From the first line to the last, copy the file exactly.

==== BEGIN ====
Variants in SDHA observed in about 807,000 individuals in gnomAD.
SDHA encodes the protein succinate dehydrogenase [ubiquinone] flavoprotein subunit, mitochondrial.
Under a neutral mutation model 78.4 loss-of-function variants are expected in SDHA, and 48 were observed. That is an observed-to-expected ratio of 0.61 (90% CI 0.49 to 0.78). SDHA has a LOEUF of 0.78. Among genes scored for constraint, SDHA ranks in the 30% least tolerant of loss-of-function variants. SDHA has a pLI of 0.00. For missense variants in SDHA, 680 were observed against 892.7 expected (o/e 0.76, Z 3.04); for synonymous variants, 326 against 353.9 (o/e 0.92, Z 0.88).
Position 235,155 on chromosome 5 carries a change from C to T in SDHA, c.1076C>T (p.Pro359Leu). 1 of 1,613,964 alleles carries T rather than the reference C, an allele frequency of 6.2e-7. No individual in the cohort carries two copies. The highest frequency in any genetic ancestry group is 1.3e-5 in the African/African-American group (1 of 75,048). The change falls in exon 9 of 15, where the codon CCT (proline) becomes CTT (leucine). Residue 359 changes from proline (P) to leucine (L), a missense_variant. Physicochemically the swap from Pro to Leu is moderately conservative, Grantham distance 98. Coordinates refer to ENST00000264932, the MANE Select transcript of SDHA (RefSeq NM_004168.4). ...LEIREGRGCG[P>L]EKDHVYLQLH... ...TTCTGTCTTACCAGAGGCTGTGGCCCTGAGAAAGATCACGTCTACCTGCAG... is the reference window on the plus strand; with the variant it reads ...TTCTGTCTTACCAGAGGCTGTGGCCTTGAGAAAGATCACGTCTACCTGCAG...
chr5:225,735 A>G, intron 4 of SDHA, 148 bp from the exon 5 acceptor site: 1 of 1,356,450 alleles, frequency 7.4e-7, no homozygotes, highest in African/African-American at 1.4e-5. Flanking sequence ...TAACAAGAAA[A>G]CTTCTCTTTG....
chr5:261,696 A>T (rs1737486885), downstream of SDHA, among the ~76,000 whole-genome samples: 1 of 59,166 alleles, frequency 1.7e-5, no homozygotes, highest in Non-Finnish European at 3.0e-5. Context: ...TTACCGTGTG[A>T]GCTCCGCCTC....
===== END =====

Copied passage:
Variants in SDHA observed in about 807,000 individuals in gnomAD.
SDHA encodes the protein succinate dehydrogenase [ubiquinone] flavoprotein subunit, mitochondrial.
Under a neutral mutation model 78.4 loss-of-function variants are expected in SDHA, and 48 were observed. That is an observed-to-expected ratio of 0.61 (90% CI 0.49 to 0.78). SDHA has a LOEUF of 0.78. Among genes scored for constraint, SDHA ranks in the 30% least tolerant of loss-of-function variants. SDHA has a pLI of 0.00. For missense variants in SDHA, 680 were observed against 892.7 expected (o/e 0.76, Z 3.04); for synonymous variants, 326 against 353.9 (o/e 0.92, Z 0.88).
Position 235,155 on chromosome 5 carries a change from C to T in SDHA, c.1076C>T (p.Pro359Leu). 1 of 1,613,964 alleles carries T rather than the reference C, an allele frequency of 6.2e-7. No individual in the cohort carries two copies. The highest frequency in any genetic ancestry group is 1.3e-5 in the African/African-American group (1 of 75,048). The change falls in exon 9 of 15, where the codon CCT (proline) becomes CTT (leucine). Residue 359 changes from proline (P) to leucine (L), a missense_variant. Physicochemically the swap from Pro to Leu is moderately conservative, Grantham distance 98. Coordinates refer to ENST00000264932, the MANE Select transcript of SDHA (RefSeq NM_004168.4). ...LEIREGRGCG[P>L]EKDHVYLQLH... ...TTCTGTCTTACCAGAGGCTGTGGCCCTGAGAAAGATCACGTCTACCTGCAG... is the reference window on the plus strand; with the variant it reads ...TTCTGTCTTACCAGAGGCTGTGGCCTTGAGAAAGATCACGTCTACCTGCAG...
chr5:225,735 A>G, intron 4 of SDHA, 148 bp from the exon 5 acceptor site: 1 of 1,356,450 alleles, frequency 7.4e-7, no homozygotes, highest in African/African-American at 1.4e-5. Flanking sequence ...TAACAAGAAA[A>G]CTTCTCTTTG....
chr5:261,696 A>T (rs1737486885), downstream of SDHA, among the ~76,000 whole-genome samples: 1 of 59,166 alleles, frequency 1.7e-5, no homozygotes, highest in Non-Finnish European at 3.0e-5. Context: ...TTACCGTGTG[A>T]GCTCCGCCTC....